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Old 01-21-2011, 04:48 PM   #6
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Congrats FlyFish on your ER.

Perhaps it's a contradiction. I already hear it as my wife sometimes communicate to her family that I work hard and LBOM, but the perception from them is that "It must be nice to blah blah blah..." Sometimes, I agree and say, it is nice. Sometime my wife bails them out when they need their kids picked up from daycare since she's a SAHM. I monitor this so it doesn't get out of hand. It happens once every month or two.

Sometimes during the weekend I go work on our rental property during my daughter's Saturday/Sunday nap, my 4 year old asks me if I'm going to the "dirty house"? I tuck her in and give her a kiss. This is because I have a set of clothes with paint, etc that I use.

I'm sure they will understand as I'll be reinforcing FIRE was earned, not given. Thanks for your input.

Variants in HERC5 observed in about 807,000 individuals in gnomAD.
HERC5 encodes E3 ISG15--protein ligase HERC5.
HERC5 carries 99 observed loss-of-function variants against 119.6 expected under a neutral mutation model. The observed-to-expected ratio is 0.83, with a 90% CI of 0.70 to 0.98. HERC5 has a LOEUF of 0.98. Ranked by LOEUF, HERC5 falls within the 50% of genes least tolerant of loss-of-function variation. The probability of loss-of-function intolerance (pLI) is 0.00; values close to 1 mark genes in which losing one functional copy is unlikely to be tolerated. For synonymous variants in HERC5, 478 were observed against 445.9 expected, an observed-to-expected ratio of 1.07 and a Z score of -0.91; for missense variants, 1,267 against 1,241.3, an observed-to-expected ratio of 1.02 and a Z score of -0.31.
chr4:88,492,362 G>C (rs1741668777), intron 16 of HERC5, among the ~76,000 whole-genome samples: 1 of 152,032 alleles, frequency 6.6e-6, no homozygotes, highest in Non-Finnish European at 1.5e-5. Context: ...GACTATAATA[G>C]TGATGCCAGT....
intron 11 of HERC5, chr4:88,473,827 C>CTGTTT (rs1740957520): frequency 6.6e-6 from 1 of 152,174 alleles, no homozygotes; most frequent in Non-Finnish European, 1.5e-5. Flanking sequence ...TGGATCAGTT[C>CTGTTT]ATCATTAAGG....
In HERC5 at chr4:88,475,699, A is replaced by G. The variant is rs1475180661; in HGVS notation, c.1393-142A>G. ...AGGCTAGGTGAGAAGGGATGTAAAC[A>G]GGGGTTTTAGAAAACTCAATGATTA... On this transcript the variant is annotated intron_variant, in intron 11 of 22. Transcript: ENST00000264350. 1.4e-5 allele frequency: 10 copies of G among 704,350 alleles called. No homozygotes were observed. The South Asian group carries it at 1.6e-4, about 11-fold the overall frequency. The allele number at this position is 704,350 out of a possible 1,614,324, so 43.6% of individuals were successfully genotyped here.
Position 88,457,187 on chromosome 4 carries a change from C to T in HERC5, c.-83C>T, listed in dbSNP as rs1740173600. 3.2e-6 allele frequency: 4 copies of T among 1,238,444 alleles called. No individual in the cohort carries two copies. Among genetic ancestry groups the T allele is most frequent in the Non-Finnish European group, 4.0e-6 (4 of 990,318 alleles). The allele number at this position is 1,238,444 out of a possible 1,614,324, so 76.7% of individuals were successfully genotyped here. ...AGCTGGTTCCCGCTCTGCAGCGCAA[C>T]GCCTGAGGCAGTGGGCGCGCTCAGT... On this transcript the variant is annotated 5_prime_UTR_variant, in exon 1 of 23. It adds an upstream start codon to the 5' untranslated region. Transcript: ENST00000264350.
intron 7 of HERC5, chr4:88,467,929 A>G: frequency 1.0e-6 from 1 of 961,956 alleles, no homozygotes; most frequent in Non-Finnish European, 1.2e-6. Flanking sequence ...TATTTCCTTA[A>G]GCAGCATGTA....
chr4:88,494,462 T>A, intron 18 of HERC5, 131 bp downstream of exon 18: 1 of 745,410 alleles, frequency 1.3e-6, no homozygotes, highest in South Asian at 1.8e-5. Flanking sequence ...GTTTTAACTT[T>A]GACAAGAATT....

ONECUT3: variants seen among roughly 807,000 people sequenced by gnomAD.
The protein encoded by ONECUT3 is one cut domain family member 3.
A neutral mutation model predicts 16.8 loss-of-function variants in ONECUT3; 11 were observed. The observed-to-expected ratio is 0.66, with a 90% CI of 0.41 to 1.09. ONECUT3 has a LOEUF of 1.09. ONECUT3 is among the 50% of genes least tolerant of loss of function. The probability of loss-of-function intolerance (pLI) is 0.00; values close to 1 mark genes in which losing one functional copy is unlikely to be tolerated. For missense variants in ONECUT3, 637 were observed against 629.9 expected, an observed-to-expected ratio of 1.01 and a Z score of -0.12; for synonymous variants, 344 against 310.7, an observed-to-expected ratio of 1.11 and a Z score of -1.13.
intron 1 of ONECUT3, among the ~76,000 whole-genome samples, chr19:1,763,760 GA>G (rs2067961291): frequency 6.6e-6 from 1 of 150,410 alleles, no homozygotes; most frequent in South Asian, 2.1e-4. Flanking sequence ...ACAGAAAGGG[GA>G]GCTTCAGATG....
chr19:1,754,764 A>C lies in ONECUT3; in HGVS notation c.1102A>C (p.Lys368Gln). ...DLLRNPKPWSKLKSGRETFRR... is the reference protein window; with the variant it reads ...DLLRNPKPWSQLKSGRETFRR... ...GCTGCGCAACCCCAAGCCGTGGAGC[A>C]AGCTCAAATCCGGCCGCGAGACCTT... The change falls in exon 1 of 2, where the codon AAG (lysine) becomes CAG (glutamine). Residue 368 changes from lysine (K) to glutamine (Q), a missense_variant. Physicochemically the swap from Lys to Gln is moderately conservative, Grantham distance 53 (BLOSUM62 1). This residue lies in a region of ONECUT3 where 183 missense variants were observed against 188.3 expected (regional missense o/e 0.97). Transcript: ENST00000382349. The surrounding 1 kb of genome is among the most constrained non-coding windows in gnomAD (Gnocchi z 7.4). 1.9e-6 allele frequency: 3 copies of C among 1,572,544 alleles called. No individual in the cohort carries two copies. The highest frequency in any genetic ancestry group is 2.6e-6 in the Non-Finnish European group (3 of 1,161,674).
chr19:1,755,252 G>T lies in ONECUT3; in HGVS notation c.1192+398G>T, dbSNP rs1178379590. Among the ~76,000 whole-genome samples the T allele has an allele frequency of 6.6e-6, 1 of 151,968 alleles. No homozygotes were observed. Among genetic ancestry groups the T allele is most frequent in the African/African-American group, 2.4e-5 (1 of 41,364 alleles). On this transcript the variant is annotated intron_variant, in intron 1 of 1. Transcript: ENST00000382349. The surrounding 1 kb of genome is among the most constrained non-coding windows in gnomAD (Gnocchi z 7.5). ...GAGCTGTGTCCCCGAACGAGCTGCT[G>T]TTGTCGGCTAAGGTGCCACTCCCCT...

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Retired last summer at 43 with a 12 and 14 year old. It isn't really retirement with kids. They have schedules and they tie you down. Beats working and raising kids though.

As for appearing lazy, I tell my boys that I earned my ER and if they play it smart and work hard, they could ER too someday. I think it sets an example. Your concern is contradictory. On one hand you obviously take ER seriously and think it's a good thing, but then you are concerned about how you kids will view it. If you talk with them, they should understand that that you work hard, save, etc. and you get a reward. You're teaching them that work is important, but so is retiring and following your dreams. That's a good thing.